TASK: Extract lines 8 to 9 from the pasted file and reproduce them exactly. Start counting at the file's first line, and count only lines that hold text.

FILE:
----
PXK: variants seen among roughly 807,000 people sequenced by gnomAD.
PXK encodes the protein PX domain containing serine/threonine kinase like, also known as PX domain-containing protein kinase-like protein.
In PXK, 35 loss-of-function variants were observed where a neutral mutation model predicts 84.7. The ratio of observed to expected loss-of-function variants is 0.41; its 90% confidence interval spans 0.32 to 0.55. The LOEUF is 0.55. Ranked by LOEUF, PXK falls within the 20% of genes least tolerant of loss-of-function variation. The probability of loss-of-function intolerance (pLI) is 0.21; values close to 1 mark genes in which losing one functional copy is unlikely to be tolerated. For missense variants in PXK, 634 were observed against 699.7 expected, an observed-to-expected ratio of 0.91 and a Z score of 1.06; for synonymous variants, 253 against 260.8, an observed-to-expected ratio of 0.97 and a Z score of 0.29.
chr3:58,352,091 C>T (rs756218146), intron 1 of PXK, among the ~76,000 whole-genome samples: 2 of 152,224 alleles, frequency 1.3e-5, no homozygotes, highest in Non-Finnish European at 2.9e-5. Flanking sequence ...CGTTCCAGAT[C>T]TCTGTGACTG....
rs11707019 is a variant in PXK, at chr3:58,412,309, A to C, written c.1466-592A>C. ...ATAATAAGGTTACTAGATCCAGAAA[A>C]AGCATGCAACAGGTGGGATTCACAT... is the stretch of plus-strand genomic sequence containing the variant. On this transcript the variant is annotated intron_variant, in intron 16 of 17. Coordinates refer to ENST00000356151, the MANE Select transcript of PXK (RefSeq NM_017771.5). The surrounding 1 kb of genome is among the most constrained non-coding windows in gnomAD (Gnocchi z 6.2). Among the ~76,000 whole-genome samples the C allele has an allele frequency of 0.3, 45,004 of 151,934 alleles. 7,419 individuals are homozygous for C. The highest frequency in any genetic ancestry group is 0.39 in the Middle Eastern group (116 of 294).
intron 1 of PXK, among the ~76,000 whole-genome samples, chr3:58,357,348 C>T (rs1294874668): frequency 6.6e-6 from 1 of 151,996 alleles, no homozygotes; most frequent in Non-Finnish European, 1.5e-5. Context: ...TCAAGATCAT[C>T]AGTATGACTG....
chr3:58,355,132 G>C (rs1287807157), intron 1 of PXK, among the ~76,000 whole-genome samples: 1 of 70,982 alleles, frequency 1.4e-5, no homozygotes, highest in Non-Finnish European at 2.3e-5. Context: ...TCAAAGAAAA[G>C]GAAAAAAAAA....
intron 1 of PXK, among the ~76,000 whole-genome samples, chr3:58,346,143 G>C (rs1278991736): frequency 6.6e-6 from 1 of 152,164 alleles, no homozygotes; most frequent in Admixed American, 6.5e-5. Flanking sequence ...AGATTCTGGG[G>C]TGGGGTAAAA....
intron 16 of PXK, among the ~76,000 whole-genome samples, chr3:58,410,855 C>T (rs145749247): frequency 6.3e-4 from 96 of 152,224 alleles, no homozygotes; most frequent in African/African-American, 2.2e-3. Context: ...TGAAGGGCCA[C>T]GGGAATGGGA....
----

intron 1 of PXK, among the ~76,000 whole-genome samples, chr3:58,346,143 G>C (rs1278991736): frequency 6.6e-6 from 1 of 152,164 alleles, no homozygotes; most frequent in Admixed American, 6.5e-5. Flanking sequence ...AGATTCTGGG[G>C]TGGGGTAAAA....
intron 16 of PXK, among the ~76,000 whole-genome samples, chr3:58,410,855 C>T (rs145749247): frequency 6.3e-4 from 96 of 152,224 alleles, no homozygotes; most frequent in African/African-American, 2.2e-3. Context: ...TGAAGGGCCA[C>T]GGGAATGGGA....